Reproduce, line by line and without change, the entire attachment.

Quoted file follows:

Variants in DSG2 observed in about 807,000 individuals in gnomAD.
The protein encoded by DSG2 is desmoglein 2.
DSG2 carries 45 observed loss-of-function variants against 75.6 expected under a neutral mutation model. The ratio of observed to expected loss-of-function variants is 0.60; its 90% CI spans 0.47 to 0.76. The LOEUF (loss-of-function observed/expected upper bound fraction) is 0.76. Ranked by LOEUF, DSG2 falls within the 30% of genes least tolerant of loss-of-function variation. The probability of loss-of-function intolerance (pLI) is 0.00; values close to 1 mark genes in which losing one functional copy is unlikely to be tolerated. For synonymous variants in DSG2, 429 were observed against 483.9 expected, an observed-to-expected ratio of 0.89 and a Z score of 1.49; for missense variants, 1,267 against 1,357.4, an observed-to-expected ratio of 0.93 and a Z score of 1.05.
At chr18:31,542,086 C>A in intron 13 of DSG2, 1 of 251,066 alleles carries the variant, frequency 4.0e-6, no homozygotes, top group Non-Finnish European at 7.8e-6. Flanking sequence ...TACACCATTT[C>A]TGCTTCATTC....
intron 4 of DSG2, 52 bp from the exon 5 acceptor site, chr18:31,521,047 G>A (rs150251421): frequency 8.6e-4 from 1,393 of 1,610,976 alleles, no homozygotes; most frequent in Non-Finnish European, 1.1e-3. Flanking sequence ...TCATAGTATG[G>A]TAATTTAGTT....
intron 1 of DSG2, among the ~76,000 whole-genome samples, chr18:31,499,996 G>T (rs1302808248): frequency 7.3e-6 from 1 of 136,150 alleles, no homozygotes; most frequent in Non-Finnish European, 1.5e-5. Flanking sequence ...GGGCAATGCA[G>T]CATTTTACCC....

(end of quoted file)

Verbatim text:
Variants in DSG2 observed in about 807,000 individuals in gnomAD.
The protein encoded by DSG2 is desmoglein 2.
DSG2 carries 45 observed loss-of-function variants against 75.6 expected under a neutral mutation model. The ratio of observed to expected loss-of-function variants is 0.60; its 90% CI spans 0.47 to 0.76. The LOEUF (loss-of-function observed/expected upper bound fraction) is 0.76. Ranked by LOEUF, DSG2 falls within the 30% of genes least tolerant of loss-of-function variation. The probability of loss-of-function intolerance (pLI) is 0.00; values close to 1 mark genes in which losing one functional copy is unlikely to be tolerated. For synonymous variants in DSG2, 429 were observed against 483.9 expected, an observed-to-expected ratio of 0.89 and a Z score of 1.49; for missense variants, 1,267 against 1,357.4, an observed-to-expected ratio of 0.93 and a Z score of 1.05.
At chr18:31,542,086 C>A in intron 13 of DSG2, 1 of 251,066 alleles carries the variant, frequency 4.0e-6, no homozygotes, top group Non-Finnish European at 7.8e-6. Flanking sequence ...TACACCATTT[C>A]TGCTTCATTC....
intron 4 of DSG2, 52 bp from the exon 5 acceptor site, chr18:31,521,047 G>A (rs150251421): frequency 8.6e-4 from 1,393 of 1,610,976 alleles, no homozygotes; most frequent in Non-Finnish European, 1.1e-3. Flanking sequence ...TCATAGTATG[G>A]TAATTTAGTT....
intron 1 of DSG2, among the ~76,000 whole-genome samples, chr18:31,499,996 G>T (rs1302808248): frequency 7.3e-6 from 1 of 136,150 alleles, no homozygotes; most frequent in Non-Finnish European, 1.5e-5. Flanking sequence ...GGGCAATGCA[G>T]CATTTTACCC....